Euro 2012: Five things we learned from Germany v Greece

A change will do you good

German boss Joachim Low surprised many with his decision to change three of his attacking players for the game as Mario Gomez, Lukas Podolski and Thomas Mueller made way for Miroslav Klose, Andre Schurrle and Marco Reus.

They were still of course heavy favourites with all betting sites, including FREEbets, but it was still something of a bold move.

“To be cheeky is a good thing,” said Low of the team selection.

“Today it was the time to bring in some fresh faces and different types of players who could do a job and I think it worked very well.”

It worked very well with both Klose and Reus finding the net and Schurrle registering six shots on goal, though just one of them was on target.

Low has now left himself with a pleasant selection headache ahead of the semi final against Italy or England.

Samaras is the Greek trojan donkey

I had high hopes for Giorgios Samaras when he signed for Manchester City in 2006. The lanky forward looked like he could be one of those unpredictable playes with deceptive skill and pace that are a nightmare for defenders.

Sadly I was wrong.

A poor tackle on Sami Khedira inside the first few minutes set the tone for Samaras’ performance, and within fifteen minutes he had committed two more fouls to pick up the first booking of the game.

With Greece looking to play on the counter, they needed an outlet to pose the German defence genuine problems but Samaras looked far from threatening in the first half.

Credit where it’s due of course as he popped up in the six yard box to touch home Dimitris Salpingidis’ cross for the equaliser, but that sort of awareness and run to get on the end of ball in the area is much more the exception than the rule with Samaras.

The Germans are resolute

You don’t make it to the semi finals of 20 tournaments in 28 attempts without having a winning mentality, and Germany emphatically displayed theirs last night having relinquished their half time lead.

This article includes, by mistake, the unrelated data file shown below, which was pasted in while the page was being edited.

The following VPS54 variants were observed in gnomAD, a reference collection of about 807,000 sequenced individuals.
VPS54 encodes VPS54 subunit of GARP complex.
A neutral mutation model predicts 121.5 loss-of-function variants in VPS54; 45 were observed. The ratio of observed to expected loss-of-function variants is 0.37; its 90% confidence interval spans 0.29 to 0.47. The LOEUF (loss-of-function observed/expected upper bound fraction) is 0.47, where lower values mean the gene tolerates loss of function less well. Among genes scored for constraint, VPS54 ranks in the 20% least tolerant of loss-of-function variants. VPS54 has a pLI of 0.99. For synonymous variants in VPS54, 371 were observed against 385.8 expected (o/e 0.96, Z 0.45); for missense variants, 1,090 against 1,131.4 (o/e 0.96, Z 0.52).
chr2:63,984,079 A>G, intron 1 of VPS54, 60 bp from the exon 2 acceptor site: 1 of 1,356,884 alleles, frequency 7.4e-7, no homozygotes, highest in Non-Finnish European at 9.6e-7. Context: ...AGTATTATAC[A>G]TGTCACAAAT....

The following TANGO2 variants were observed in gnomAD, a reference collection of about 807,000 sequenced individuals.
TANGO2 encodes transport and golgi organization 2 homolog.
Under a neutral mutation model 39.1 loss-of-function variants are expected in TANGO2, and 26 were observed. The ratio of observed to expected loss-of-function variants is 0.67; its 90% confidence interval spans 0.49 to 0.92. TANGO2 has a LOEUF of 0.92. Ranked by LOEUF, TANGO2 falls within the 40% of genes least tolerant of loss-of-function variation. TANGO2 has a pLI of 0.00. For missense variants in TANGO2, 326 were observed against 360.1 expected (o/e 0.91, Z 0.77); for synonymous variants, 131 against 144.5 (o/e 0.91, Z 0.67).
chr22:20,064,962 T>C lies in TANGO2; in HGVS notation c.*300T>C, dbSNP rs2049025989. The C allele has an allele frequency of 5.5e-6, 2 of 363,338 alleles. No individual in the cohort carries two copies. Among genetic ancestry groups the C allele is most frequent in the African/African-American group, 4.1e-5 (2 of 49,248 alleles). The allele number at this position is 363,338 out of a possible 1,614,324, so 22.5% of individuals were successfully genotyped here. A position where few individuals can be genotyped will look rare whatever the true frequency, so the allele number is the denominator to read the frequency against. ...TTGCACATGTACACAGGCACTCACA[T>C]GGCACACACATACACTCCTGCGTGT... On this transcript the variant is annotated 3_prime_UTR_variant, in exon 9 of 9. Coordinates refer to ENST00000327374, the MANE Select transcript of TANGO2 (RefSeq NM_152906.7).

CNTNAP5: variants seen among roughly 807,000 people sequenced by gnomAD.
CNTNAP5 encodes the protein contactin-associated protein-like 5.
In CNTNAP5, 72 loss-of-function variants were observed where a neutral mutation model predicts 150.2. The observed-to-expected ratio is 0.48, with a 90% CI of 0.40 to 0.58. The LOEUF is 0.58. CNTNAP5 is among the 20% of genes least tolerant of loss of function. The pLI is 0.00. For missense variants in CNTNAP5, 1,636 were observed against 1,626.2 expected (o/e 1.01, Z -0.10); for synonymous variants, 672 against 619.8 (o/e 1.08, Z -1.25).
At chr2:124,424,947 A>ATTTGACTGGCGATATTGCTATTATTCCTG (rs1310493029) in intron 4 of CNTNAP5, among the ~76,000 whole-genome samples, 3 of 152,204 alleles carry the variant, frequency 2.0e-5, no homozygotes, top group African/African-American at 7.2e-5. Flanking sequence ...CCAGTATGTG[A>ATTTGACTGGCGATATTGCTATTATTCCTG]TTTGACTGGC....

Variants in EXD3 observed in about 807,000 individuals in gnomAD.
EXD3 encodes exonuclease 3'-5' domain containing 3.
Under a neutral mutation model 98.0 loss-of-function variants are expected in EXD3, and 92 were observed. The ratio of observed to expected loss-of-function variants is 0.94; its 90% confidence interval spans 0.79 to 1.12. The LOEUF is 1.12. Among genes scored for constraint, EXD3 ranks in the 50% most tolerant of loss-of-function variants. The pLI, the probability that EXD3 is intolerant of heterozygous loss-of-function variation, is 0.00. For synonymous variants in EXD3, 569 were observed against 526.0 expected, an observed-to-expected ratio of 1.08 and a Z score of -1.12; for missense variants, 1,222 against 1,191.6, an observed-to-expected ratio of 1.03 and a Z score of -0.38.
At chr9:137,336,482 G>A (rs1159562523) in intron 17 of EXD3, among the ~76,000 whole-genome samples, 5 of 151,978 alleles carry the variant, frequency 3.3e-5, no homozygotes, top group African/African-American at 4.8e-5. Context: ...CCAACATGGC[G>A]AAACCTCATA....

“At 1-1, our control had slipped,” said Marco Reus.

“So it was great to come back. We kept attacking and the goals finally came.”

Indeed they did, with three in just thirteen minutes to blow the Greeks out of the water and put to bed any doubt about the outcome.

Greece need to find a goalkeeper

Conditions admittedly weren’t ideal for goalkeepers at The Municipal Stadium in Gdansk but there is simply no excusing the amount of spillages by Greek goalkeeper Michalis Sifakis who had a very average night.

Greece began the Euros with the oldest player in the tournament, 38 year old Kostas Chalkias, between the posts but a first half injury against the Czechs saw Sifakis given the nod.

Against Germany he looked dodgy from the outset, and picked up a facial injury off the first of his dropped balls which did little to inspire confidence.

With some exciting young talent at the back in the form of Giorgos Tzavelas, Kyriakos Papadopoulos and Sokratis Papastathopoulos, it would be disappointing to see their efforts wasted thanks to a poor last line of defence.

There’s life in the old dog yet

After an injury interrupted season with Lazio in Serie A, many wondered what sort of role Miroslav Klose would have to play at Euro 2012.

With Mario Gomez in such devastating form for Bayern Munich, his chance of game time looked slim given Germany’s tactics of playing just one central striker.

However, as already mentioned, Low changed things up last night and gave the 34 year old an opportunity to do what he does best at international tournaments – score goals.

Klose, who is the only player to score five goals or more at consecutive World Cups, now has 64 goals in 118 games for the national team and even if he doesn’t get the nod to start in the semi final, he’s a fantastic option to have on the bench.

The Author

Neil Sherwin

Co-editor of Writes mostly on Premier League and A-League with contributions to other sites including TheFootballSack, InBedWithMaradona and Bloomberg's BSports. Has featured on The Guardian's Football Weekly.

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